When reports of a disgruntled network administrator locking his co-workers out of San Francisco's new FiberWAN first touched my ears, the first thought that raced through my head-besides the word "wow"-was that this was a clear example of how an insider can potentially bring IT operations to a screeching halt.
Terry Childs, 43, pleaded not guilty today, July 17, to four counts of computer tampering. His arrest earlier this week set off both an explosion of media coverage and discussions about the importance of keeping an eye on the people keeping an eye on corporate networks.
But the difficult thing about discussing insider breaches is getting a grasp on just how much of a threat they actually are. For example, a CA-sponsored study conducted by The Strategic Counsel and released today reported that 44 percent of the 500 respondents identified internal breaches as a key security challenge over the 12 months preceding the survey-up from 42 percent in 2006 and just 15 percent in 2003.
Conversely, the number of respondents reporting virus attacks in the 2006 and 2008 surveys decreased from 68 percent to 59 percent, network attacks from 50 percent to 40 percent, and denial-of-service attacks from 40 percent to 26 percent.
"The potential aftershocks of an internal breach have the attention of both the business and the IT organization. And for enterprise organizations the priority has now shifted from reactive to proactive security strategies to deal with this threat," Lina Liberti, vice president of CA Security Management, said in a statement.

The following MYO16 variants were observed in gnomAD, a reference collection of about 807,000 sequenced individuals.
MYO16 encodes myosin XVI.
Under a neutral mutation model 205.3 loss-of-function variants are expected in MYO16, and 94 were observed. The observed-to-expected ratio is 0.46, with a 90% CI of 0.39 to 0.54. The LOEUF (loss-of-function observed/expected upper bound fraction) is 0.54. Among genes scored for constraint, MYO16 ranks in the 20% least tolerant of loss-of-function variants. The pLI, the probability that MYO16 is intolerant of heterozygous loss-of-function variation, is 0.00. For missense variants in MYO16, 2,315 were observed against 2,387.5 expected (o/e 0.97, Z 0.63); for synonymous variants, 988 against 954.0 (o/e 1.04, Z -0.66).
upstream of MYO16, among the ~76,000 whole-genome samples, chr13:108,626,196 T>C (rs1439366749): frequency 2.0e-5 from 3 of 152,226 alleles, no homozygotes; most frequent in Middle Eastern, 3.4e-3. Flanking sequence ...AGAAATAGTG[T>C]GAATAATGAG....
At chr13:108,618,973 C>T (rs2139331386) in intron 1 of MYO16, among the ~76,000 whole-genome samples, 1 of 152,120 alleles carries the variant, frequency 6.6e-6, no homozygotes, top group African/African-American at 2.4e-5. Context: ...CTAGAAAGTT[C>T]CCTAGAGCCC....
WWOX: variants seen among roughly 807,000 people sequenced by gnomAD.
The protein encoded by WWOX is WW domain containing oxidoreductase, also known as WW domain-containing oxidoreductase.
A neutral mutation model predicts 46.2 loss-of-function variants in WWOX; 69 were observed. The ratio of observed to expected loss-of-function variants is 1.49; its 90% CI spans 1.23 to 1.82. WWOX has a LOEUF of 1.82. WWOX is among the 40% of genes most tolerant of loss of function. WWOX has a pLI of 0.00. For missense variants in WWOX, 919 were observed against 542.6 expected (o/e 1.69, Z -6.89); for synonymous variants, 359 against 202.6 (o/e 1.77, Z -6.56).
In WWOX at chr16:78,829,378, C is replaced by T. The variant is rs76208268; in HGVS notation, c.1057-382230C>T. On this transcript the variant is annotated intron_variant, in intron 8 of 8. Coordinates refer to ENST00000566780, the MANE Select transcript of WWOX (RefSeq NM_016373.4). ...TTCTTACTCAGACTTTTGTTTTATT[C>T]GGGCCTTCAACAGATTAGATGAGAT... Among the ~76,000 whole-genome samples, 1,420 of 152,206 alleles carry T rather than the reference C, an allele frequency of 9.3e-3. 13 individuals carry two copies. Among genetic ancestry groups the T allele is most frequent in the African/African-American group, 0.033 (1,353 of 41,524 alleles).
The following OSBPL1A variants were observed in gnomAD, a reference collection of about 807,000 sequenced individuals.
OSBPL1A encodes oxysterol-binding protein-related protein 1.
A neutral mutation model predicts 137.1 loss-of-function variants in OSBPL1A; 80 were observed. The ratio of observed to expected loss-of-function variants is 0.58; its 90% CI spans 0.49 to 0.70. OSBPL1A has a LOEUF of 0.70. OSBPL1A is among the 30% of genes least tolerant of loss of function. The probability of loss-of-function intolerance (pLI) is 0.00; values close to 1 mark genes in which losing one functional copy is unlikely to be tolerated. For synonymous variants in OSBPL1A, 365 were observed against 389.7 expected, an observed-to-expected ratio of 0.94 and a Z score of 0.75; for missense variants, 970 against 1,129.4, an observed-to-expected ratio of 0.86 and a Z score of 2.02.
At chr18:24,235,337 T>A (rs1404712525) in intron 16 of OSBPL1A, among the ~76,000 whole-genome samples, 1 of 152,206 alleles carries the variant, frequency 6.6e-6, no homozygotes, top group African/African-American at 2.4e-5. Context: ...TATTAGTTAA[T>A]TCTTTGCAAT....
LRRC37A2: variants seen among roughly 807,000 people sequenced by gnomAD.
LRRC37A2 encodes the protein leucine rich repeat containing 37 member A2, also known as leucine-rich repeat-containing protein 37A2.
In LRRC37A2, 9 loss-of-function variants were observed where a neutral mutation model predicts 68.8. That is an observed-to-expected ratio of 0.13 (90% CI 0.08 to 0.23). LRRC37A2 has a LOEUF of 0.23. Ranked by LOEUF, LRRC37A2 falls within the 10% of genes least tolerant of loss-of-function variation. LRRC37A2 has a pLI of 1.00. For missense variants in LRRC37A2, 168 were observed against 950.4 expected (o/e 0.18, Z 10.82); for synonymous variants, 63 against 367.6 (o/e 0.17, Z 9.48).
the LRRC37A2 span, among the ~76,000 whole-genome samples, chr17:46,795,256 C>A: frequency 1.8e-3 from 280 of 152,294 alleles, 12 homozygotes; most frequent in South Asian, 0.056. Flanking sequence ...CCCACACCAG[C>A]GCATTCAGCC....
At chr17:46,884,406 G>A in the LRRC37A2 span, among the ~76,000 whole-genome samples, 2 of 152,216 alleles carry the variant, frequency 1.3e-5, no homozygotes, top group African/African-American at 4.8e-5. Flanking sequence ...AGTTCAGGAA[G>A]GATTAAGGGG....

However, The Strategic Counsel study flies in the face of a report released in June by Verizon. According to the study (PDF), only about 18 percent of the more than 500 forensics engagements handled by the Verizon Business Investigative Response team from 2004 to 2007 were due to insider breaches. Some 73 percent were due to external threats, and the rest came from business partners.
Still, the median size of confidential records revealed in insider breaches was roughly 10 times larger than in the case of external breaches covered by the Verizon study.
"We have an old tradition in the IT industry of using trust in the administration of systems," said Jeff Nielsen, senior product manager at Symark International. "It most likely developed over the years from operating systems like Unix where there is an all-powerful super user account root and there may not have been tools available to manage access to [the] root. So we had to trust our administrators to do the right thing. In most cases they do, but it's the one guy that goes amok that creates huge problems.
"Mr. Childs, if he did what he is accused of doing, is just the latest in a series," Nielsen continued. "We tend to forget the Societe General, Tenet Healthcare and Barings Bank incidents when they become old news."
True enough. A look at the chronology of data breaches provided by the Privacy Rights Clearinghouse does show a number of incidents of employees stealing or improperly exposing confidential information-as well a litany of lost laptops and other devices. And of course, there are also numerous mentions of hacks.
"The best practice is to trust but verify," said Yama Habibzai, senior director at Netcordia, a provider of network management tools. "There needs to be some level of trust within the organization, but the organization needs to have the tools in place to verify that employees touching the network are making accurate and approved changes."